Roast Beef with Roasted Potatoes
One of my favorite memories of my first trip to London as a teen, was of having a proper Sunday lunch at Simpson’s on the Strand. The famous carvery was known for it’s succulent roast beef, perfectly crisp roast potatoes and Yorkshire pudding, all smothered in a rich, silky gravy. Although there are so many comfort foods associated with English cuisine, I always think of roast beef first. I’m not alone, for nearly a century now, the English have sarcastically referred to the French as Frogs (frog legs are quite common on menus in France), and the French have responded by calling the Brits ” les Rosbif ” (roast beef). This is my interpretation, not strictly the classical way they would make this well-known roast.
1 onion, quartered 3 large carrots, peeled and sliced 3 stalks celery, cut into 3 inch pieces 6 large cloves of garlic, minced 1 tablespoon fresh thyme, finely chopped 2 teaspoons fresh Rosemary, finely chopped 4 tablespoons olive oil, divided 2 pounds eye of round 4 large russet potatoes, peeled and chopped into bite size chunks (eliminating need to parboil) Salt and pepper to taste 1/2 cup beef broth
1). Preheat oven to 475° F. Remove meat from the refrigerator 20-30 minutes before roasting. Place the onion, carrots, and celery in the center of the roasting pan to create a cradle for the meat.
2). In a small bowl, mix together the garlic, thyme, Rosemary and 2 tablespoons of olive oil. Using clean hands, rub 1/2 of the mixture over all sides of the beef and place in roasting pan.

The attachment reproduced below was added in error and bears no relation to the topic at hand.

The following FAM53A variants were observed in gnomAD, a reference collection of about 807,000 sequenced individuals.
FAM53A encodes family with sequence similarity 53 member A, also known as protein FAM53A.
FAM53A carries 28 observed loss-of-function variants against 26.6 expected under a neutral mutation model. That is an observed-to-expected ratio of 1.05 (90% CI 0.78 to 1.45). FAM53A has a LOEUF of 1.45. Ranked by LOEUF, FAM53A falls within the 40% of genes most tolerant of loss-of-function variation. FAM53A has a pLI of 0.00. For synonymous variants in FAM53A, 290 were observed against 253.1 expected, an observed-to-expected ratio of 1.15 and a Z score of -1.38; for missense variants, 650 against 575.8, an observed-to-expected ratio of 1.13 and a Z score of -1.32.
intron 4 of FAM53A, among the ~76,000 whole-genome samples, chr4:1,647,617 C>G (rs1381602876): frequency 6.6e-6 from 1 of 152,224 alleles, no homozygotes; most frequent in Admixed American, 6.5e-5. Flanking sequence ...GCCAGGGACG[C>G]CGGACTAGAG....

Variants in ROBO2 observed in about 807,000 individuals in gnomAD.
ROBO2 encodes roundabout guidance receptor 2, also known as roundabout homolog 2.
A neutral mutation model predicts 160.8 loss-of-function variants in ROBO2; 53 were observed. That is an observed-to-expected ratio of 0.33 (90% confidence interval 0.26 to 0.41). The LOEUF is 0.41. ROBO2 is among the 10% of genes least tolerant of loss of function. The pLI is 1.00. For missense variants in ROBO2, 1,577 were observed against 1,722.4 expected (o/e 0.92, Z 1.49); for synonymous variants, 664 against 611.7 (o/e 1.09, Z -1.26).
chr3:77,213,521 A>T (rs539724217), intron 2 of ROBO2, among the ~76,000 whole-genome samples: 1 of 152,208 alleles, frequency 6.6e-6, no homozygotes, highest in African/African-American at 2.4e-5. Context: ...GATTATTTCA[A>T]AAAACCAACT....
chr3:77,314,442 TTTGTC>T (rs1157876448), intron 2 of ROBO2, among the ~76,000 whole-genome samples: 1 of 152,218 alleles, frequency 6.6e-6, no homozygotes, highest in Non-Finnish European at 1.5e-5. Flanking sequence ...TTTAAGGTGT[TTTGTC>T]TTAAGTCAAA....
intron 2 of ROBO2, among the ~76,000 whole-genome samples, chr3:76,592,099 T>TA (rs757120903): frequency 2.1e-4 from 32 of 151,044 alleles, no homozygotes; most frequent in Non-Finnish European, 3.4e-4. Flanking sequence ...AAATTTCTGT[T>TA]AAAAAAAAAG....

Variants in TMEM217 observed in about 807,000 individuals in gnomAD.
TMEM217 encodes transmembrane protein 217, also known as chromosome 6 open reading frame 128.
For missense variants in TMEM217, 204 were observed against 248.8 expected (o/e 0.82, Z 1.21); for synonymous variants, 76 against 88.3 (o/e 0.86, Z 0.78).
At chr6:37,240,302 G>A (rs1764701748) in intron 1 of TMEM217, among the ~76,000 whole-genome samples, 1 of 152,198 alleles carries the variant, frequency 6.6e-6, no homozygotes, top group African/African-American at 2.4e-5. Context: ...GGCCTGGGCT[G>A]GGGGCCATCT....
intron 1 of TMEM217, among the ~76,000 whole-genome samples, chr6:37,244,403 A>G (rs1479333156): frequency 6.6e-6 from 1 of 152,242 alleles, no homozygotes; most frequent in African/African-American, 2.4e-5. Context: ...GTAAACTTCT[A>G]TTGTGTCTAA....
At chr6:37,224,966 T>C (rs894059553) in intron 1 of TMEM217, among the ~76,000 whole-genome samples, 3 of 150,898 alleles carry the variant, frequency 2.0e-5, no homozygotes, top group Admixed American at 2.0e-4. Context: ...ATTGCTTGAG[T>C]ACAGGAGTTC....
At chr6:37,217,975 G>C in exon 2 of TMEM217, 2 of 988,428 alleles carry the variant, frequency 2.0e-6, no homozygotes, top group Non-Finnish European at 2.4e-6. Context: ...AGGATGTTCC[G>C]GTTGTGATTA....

3). In a large bowl, mix remaining garlic-herb mixture with the last 2 tablespoons of olive oil. Add the potatoes and toss to coat. Pour into the roasting pan around the meat and season everything well with salt and pepper to taste (I like lots of fresh cracked black pepper on mine).
4). Roast in the preheated oven for 10 minutes )to sear in the juices) in the hot oven, then reduce temperature to 350°F., use a spatula to turn the potatoes over to brown evenly, and continue roasting for another 25-30 minutes, or until a meat thermometer registers 135° when inserted into the thickest part of the roast, for medium rare. If roasting a larger piece of meat, add an additional 20 minutes per extra pound roasting time.
5). Remove meat from oven, and let rest 15-20 minutes, tented with foil to keep heat in, before carving.
6). Meanwhile, deglaze the roasting pan with beef broth over medium heat, stirring up any gooey bits at the bottom of the pan, and bringing to boil for a 2-3 minutes to make the au jus.
Serve the meat hot or at room temperature. The vegetables and au jus are best served hot.
Traditionally, you would make a brown a gravy with the drippings from the roast beef, but after habitually watching my caloric intake for many years, I am partial to just spooning the naturally rich au jus over the meat for a little added moisture and flavor.
You can of course use different herbs and/or vegetables to your liking.